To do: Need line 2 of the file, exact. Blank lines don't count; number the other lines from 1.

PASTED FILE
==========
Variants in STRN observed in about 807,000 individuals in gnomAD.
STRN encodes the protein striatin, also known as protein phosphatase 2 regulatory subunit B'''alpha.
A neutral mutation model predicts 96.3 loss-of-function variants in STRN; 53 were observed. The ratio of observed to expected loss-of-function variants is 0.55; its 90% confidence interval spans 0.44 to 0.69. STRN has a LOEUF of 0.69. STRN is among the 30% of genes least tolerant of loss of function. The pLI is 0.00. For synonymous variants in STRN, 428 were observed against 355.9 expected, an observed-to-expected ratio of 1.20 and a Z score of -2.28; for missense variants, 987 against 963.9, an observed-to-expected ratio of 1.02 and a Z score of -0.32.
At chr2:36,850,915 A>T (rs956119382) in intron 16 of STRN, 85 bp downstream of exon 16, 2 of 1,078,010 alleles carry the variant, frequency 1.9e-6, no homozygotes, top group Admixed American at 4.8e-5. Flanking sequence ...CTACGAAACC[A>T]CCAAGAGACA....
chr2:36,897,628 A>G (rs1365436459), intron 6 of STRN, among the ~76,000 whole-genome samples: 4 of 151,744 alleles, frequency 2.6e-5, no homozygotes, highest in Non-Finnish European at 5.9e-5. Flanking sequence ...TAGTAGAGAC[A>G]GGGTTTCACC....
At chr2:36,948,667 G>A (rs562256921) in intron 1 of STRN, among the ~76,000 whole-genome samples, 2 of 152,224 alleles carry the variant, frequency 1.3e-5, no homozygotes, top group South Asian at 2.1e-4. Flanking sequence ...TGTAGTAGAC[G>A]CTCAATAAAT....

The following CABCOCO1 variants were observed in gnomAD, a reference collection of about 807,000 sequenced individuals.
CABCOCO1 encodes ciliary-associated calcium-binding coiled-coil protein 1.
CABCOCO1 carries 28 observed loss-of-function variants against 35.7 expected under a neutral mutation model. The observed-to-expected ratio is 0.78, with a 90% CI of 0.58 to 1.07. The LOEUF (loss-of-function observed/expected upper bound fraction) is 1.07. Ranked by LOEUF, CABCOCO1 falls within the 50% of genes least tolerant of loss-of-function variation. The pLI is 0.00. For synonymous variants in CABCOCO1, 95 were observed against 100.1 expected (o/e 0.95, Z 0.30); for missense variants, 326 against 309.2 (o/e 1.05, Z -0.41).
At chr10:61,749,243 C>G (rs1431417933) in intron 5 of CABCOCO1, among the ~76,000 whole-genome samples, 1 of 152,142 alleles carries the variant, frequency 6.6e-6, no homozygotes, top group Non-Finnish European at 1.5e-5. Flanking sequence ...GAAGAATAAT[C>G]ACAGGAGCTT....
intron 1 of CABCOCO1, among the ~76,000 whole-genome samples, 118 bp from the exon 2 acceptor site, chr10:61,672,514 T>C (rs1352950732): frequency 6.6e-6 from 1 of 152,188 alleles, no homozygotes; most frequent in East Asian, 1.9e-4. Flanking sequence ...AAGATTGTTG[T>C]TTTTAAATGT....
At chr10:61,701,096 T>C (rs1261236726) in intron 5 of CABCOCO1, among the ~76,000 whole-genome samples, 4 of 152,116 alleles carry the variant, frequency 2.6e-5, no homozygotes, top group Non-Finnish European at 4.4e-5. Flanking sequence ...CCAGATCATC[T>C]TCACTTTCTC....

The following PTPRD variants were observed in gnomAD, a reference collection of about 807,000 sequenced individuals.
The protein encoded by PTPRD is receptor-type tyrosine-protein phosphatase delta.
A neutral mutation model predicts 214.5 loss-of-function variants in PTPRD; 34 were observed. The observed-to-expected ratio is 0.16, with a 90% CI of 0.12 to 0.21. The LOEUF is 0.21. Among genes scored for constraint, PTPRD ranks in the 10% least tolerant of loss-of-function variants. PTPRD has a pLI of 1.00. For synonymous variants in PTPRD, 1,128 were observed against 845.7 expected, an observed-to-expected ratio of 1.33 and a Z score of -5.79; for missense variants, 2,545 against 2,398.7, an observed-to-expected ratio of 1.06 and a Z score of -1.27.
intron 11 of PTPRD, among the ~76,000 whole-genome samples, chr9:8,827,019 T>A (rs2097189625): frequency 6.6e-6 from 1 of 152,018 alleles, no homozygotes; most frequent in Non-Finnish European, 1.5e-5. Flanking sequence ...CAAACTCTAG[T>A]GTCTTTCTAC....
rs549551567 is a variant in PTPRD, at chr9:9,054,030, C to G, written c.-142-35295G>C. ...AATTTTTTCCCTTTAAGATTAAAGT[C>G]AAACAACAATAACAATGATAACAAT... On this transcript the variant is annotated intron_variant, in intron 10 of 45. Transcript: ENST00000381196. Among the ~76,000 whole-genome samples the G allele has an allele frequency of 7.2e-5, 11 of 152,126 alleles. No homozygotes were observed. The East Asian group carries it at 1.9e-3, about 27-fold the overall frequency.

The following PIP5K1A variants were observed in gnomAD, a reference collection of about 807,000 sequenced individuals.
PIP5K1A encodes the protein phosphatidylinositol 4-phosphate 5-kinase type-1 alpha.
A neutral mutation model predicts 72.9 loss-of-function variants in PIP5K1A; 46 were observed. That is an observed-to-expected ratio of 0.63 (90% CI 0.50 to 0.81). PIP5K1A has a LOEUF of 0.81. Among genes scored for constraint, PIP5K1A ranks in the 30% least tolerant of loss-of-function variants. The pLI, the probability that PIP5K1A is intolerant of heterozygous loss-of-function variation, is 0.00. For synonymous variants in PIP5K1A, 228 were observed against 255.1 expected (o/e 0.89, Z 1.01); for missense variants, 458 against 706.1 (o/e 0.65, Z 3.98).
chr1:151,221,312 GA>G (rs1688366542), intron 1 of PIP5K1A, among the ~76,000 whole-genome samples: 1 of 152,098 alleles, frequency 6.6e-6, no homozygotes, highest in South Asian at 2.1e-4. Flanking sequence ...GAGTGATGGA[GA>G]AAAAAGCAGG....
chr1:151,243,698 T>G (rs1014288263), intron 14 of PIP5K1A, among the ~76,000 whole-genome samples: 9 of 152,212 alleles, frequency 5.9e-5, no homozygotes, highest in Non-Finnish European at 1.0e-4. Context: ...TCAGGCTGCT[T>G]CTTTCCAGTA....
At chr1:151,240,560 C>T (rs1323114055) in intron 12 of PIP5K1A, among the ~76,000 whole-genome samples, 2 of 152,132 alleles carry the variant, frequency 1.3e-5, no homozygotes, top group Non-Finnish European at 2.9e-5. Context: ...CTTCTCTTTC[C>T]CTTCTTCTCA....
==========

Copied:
STRN encodes the protein striatin, also known as protein phosphatase 2 regulatory subunit B'''alpha.